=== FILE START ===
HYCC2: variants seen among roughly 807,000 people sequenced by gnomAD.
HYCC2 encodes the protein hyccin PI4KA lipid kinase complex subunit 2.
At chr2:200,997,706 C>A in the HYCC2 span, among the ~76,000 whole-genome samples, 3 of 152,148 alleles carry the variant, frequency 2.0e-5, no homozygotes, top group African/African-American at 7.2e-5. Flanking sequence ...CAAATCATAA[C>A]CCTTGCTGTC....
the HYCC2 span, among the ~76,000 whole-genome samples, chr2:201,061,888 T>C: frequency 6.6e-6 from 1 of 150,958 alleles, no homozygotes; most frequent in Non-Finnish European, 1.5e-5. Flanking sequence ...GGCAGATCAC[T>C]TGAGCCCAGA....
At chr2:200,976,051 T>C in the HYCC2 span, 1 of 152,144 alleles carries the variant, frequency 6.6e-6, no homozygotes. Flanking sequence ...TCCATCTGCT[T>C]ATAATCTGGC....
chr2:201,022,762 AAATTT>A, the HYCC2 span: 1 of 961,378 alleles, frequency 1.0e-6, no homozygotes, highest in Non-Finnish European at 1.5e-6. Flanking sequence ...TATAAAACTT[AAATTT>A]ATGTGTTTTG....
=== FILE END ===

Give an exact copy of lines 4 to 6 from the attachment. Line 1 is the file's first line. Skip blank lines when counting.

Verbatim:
the HYCC2 span, among the ~76,000 whole-genome samples, chr2:201,061,888 T>C: frequency 6.6e-6 from 1 of 150,958 alleles, no homozygotes; most frequent in Non-Finnish European, 1.5e-5. Flanking sequence ...GGCAGATCAC[T>C]TGAGCCCAGA....
At chr2:200,976,051 T>C in the HYCC2 span, 1 of 152,144 alleles carries the variant, frequency 6.6e-6, no homozygotes. Flanking sequence ...TCCATCTGCT[T>C]ATAATCTGGC....
chr2:201,022,762 AAATTT>A, the HYCC2 span: 1 of 961,378 alleles, frequency 1.0e-6, no homozygotes, highest in Non-Finnish European at 1.5e-6. Flanking sequence ...TATAAAACTT[AAATTT>A]ATGTGTTTTG....